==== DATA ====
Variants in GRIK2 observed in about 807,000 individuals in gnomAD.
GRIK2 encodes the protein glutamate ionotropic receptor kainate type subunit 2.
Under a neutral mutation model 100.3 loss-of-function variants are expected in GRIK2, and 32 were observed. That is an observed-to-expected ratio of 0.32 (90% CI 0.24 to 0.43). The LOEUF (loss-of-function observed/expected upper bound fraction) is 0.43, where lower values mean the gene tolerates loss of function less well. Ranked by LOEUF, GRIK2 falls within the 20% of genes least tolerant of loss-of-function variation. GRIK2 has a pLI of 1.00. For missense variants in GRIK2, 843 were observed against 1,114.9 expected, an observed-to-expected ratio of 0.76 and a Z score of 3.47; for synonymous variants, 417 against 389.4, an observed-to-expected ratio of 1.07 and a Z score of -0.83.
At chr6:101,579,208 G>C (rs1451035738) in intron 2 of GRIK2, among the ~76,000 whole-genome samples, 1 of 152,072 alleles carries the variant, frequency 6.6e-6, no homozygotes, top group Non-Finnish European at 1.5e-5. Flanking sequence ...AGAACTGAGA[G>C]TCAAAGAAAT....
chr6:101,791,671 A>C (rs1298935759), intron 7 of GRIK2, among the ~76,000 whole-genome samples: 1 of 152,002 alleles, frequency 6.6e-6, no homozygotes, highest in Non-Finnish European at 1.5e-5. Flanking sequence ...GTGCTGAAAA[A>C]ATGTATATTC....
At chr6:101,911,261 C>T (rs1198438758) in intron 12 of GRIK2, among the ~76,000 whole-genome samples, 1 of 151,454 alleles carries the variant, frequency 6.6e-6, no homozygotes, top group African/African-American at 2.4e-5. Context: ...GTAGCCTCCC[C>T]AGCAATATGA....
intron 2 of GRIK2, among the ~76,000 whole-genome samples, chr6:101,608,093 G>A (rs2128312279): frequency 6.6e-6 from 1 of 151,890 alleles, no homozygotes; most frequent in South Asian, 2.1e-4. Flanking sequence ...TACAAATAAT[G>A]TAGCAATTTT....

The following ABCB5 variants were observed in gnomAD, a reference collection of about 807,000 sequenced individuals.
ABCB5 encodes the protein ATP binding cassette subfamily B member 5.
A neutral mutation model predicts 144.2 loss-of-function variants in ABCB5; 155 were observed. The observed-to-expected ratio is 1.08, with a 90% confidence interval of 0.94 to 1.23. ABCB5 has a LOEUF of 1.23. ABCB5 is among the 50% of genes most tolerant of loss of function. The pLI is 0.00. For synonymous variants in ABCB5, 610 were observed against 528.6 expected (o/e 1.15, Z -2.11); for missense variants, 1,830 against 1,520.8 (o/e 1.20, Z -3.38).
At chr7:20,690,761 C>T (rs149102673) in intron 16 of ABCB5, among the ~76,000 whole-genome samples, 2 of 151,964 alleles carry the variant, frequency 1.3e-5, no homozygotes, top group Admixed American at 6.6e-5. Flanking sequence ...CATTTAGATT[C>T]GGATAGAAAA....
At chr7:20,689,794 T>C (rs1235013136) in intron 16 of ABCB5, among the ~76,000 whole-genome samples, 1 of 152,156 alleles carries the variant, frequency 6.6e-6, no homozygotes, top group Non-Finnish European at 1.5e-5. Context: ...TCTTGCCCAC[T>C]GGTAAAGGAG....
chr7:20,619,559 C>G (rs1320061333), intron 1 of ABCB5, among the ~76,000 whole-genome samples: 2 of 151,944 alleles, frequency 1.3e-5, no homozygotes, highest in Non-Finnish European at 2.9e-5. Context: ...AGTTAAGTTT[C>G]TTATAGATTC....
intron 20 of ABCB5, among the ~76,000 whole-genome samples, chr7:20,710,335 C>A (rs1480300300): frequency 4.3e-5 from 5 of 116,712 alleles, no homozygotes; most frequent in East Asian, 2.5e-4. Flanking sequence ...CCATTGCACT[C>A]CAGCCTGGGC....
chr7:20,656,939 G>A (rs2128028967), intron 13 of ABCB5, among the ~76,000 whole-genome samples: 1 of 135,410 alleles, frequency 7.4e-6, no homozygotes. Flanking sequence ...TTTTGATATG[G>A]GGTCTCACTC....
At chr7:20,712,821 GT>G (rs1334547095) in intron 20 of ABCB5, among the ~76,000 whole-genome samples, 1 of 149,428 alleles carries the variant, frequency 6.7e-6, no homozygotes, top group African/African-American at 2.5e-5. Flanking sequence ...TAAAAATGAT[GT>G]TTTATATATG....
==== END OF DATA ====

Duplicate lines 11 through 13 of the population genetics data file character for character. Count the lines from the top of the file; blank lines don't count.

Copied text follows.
At chr7:20,690,761 C>T (rs149102673) in intron 16 of ABCB5, among the ~76,000 whole-genome samples, 2 of 151,964 alleles carry the variant, frequency 1.3e-5, no homozygotes, top group Admixed American at 6.6e-5. Flanking sequence ...CATTTAGATT[C>T]GGATAGAAAA....
At chr7:20,689,794 T>C (rs1235013136) in intron 16 of ABCB5, among the ~76,000 whole-genome samples, 1 of 152,156 alleles carries the variant, frequency 6.6e-6, no homozygotes, top group Non-Finnish European at 1.5e-5. Context: ...TCTTGCCCAC[T>C]GGTAAAGGAG....
chr7:20,619,559 C>G (rs1320061333), intron 1 of ABCB5, among the ~76,000 whole-genome samples: 2 of 151,944 alleles, frequency 1.3e-5, no homozygotes, highest in Non-Finnish European at 2.9e-5. Context: ...AGTTAAGTTT[C>G]TTATAGATTC....